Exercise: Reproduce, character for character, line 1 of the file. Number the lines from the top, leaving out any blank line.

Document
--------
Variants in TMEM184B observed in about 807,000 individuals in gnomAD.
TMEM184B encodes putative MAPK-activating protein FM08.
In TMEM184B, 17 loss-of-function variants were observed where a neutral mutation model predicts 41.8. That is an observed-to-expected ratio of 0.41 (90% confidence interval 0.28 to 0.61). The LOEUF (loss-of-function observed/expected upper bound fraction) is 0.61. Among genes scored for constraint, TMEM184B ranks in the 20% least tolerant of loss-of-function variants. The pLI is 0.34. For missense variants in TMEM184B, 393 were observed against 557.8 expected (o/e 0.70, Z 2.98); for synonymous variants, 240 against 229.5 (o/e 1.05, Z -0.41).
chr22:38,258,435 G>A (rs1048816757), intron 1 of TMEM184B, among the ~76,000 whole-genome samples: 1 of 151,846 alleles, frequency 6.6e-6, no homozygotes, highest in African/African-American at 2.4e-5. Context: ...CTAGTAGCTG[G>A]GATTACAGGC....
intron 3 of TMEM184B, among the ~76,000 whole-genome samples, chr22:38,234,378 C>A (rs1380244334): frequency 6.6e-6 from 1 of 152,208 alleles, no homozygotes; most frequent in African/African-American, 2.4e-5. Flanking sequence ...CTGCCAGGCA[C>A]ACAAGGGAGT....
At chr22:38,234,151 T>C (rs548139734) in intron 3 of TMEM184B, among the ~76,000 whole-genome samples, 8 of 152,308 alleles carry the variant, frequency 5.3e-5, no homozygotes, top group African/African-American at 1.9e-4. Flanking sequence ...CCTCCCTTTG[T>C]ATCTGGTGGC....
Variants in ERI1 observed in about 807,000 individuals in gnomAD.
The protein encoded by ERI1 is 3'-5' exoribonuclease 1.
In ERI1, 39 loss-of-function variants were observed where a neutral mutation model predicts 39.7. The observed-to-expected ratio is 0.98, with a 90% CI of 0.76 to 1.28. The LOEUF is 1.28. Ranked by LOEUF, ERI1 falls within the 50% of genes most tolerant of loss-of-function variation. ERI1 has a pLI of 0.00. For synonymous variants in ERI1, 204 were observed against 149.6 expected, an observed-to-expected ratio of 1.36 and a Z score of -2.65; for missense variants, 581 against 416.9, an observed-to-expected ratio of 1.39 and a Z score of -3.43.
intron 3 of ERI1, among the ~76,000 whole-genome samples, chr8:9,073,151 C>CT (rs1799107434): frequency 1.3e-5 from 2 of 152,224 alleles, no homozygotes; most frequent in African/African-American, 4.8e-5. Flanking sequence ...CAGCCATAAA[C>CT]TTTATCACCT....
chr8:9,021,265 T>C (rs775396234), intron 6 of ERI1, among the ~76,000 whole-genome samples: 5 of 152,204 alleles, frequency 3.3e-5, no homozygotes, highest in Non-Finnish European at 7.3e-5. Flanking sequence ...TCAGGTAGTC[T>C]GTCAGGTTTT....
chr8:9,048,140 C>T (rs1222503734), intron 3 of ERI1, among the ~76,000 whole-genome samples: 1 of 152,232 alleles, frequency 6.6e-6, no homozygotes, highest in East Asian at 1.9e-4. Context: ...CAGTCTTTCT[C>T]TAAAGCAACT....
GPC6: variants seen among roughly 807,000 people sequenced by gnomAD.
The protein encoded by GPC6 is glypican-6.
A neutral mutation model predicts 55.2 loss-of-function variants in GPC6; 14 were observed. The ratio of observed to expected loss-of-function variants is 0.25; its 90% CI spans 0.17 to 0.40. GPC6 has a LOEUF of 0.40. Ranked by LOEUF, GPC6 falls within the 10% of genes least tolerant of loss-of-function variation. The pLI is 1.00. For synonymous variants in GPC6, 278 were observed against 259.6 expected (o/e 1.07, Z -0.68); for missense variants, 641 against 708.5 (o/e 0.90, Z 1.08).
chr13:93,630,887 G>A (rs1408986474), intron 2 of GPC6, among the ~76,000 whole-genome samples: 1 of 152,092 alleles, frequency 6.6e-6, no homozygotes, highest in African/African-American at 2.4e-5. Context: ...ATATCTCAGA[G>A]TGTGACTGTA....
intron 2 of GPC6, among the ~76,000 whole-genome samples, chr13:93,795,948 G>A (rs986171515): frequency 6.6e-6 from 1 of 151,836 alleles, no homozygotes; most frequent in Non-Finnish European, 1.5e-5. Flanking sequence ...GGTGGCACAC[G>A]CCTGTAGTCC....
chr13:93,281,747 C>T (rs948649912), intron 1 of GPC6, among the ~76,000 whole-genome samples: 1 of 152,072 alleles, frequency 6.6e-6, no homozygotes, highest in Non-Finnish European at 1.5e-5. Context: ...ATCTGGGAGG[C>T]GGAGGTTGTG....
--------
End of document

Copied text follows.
Variants in TMEM184B observed in about 807,000 individuals in gnomAD.